I started healing as best as I could during my adolescence but it wasn’t until years later, particularly during my year of school in New York that I made myself and my healing more of a priority. I kept a food journal, had a a health coach who encouraged me and provided ideas and accountability, I did elimination diets/food sensitivity testing and found a few foods that were associated with my digestive issues, skin, and hormone issues. I realized the connection my brain/gut had was real and that my mood improved when I started giving myself better food. Genetic testing gave me an additional layer to my already-healthy-eating plan that has also lead to improved mood, digestion, eye-health, and hopefully decreased risk for diseases.

Food has become the foundation for a healthy life along with lifestyle factors and ‘primary food’ – the areas of life that feed our souls, not our stomachs- including having a meaningful life I love and share with others.

How my Life has Transformed

The tens of thousands of dollars I’ve spent on my education to learn about nutrition as well as self-care has been worth every single penny. I’m glad to continue to invest in myself through buying organic, healthy, anti-inflammatory and genetically-appropriate foods and supplements, to get massage and acupuncture, and….to take rejuvenating vacations. Compared to the dollars spent in co-pays, medication costs, expensive tests, and doctors visits, I now experience less pain, less negative side effects from medication, and waaaay more fun and pleasure.

Through applied, bio-individualized nutrition, the benefits to my health have been: clearer skin (no make-up!), drastically improved stomachaches and digestion, little/no cravings, much better mood and mental outlook, and an increasingly balanced life.

In terms of my illness, the changes I was making in my life started adding up. I could soon go a solid week without another infection, then I slowly reached my first month without a healing crisis. As of this writing, knock on wood, I have been free and clear of the former ‘health curse’ for over 3 years. 

There is a moment in our lives when most of us experience a great shift. Everything changes. For me, this came when I decided I would no longer be a prisoner to this illness and I was willing to do whatever it took to get better. That moment of commitment, as Goethe reminds us, is when the “entire universe conspires to assist you.” The results I’ve experienced as well as my healing team of health professionals and personal relationships are a testament to the veracity of this statement.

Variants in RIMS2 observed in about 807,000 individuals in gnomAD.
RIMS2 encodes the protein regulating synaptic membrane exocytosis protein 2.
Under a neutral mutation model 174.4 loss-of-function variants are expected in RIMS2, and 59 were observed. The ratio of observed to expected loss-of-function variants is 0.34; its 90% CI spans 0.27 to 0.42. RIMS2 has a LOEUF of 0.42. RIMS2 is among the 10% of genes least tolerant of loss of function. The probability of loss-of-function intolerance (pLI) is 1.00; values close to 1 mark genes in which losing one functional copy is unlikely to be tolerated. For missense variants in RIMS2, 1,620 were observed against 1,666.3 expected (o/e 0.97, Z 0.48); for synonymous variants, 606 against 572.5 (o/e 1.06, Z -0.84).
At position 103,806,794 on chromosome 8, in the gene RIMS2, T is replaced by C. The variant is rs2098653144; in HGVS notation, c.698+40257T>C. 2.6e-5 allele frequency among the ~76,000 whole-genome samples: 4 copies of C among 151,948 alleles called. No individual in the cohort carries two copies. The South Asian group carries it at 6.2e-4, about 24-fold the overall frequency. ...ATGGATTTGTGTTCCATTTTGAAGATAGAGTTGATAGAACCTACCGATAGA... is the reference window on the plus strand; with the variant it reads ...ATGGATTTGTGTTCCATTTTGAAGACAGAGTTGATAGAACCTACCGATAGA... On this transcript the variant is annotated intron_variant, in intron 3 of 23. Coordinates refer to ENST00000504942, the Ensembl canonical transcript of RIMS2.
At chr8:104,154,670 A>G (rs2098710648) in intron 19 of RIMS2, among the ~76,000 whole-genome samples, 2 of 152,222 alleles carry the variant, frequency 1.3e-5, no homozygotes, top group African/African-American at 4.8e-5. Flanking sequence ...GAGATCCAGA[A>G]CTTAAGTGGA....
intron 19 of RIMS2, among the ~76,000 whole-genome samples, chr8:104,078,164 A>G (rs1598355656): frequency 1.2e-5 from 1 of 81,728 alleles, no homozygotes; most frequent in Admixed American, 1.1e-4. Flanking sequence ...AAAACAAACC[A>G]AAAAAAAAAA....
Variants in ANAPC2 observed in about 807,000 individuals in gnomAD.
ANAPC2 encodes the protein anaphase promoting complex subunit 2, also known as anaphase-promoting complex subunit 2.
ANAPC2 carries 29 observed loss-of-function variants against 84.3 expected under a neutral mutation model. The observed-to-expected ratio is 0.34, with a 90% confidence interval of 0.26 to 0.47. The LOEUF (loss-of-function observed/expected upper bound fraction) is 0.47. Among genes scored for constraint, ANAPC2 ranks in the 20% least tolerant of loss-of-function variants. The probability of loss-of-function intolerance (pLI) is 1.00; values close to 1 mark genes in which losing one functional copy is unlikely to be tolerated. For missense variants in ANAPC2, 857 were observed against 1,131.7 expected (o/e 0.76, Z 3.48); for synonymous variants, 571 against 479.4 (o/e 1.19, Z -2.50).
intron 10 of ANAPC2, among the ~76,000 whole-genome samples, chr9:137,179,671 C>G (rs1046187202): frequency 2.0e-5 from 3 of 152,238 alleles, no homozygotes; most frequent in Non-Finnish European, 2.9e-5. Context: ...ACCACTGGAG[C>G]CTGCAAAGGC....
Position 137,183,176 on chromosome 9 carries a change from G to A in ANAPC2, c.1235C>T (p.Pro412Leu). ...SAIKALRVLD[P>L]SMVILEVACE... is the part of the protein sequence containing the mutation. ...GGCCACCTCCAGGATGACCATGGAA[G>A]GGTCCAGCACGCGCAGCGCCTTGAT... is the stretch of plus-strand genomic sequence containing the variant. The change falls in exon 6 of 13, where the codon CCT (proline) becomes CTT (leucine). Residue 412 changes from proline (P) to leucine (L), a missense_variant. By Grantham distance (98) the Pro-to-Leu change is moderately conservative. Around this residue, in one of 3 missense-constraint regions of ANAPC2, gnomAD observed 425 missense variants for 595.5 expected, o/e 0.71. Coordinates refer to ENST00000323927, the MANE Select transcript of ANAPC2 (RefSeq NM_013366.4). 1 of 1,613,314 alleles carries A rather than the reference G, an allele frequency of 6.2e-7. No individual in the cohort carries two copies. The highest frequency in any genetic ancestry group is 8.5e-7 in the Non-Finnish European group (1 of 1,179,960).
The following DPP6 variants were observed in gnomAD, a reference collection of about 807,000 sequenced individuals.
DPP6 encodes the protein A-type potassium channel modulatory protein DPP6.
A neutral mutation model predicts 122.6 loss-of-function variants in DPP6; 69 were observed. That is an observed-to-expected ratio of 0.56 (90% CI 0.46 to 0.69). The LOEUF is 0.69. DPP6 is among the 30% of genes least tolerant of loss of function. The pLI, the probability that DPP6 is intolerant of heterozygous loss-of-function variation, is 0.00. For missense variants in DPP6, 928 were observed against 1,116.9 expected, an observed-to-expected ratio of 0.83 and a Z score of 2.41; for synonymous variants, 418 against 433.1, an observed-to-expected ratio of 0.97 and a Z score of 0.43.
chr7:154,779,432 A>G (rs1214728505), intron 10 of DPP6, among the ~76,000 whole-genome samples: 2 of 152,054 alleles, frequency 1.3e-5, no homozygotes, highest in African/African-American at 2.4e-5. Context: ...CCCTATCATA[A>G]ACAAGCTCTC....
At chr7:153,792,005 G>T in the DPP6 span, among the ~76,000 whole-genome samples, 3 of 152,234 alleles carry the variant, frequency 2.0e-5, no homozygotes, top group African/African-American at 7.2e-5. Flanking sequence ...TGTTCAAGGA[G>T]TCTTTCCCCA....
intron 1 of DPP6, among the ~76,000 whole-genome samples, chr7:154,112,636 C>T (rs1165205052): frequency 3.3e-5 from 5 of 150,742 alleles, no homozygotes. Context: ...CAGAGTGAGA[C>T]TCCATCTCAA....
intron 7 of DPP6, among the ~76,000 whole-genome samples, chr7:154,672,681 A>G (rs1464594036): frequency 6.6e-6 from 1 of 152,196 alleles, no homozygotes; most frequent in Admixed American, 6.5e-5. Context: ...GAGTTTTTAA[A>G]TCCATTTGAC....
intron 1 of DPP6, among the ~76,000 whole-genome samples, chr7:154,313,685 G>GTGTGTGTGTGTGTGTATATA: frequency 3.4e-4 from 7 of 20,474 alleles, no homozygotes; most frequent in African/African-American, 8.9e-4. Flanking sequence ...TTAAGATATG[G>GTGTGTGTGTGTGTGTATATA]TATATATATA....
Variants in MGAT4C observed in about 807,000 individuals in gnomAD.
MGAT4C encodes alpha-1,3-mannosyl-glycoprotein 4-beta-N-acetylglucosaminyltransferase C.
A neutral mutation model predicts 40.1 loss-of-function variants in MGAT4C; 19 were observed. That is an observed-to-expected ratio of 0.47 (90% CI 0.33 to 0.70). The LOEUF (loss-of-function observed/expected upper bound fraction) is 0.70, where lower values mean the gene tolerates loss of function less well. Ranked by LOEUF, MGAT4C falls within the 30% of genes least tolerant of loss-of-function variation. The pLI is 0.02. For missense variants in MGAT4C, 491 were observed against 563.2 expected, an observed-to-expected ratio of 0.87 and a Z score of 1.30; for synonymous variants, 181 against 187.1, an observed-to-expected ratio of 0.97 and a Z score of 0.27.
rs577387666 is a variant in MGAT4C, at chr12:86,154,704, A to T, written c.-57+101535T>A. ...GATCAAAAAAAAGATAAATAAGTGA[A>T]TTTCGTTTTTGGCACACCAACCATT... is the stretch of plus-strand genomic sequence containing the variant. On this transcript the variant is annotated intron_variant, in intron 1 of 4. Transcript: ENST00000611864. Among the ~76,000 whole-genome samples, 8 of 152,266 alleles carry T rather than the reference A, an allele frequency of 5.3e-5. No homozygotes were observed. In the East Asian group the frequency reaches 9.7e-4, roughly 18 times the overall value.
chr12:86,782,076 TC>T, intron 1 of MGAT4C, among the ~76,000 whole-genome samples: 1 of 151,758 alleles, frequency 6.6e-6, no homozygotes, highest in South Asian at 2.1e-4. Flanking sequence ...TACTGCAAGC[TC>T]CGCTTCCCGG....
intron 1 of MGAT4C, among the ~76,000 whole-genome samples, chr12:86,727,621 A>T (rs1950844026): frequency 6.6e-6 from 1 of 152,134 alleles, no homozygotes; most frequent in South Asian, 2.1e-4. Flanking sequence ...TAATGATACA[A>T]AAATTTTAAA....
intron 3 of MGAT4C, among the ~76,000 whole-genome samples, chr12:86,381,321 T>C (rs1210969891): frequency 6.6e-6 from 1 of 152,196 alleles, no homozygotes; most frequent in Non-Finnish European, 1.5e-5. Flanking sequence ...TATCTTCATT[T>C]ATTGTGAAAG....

A Healthier Obsession

During the deepest and darkest times of my life and with my health condition, food became an obsession. When a person is sick, all they can think about is how they don’t want to be sick and how they can get better. For me, this manifested as anxiety around food (especially low-quality food in social situations) and disordered eating.

These days, quality food is not an obsession. Orthorexia is a real issue, but it’s not one I have. What I do have is a strong set of values and awareness around organic/non-GMO, whole and sustainably grown foods.

Epilogue

Health involves so much more than being thin. I think about what people have told me and how such a simplistic statement puts focus on the wrong areas of life.

Though I find it a bit traumatic to revisit this time in my life and reflect upon the pain and discomfort involved, I let gratitude for my healing overshadow it. I’m so thankful that I’ve healed my body and that this experience has enabled me to empathize with my clients as I empower them to also leave health issues, frequent doctors’ visits, lists of medications, pain, and unwanted weight behind so they can step into the life of vitality they deserve. We all deserve this.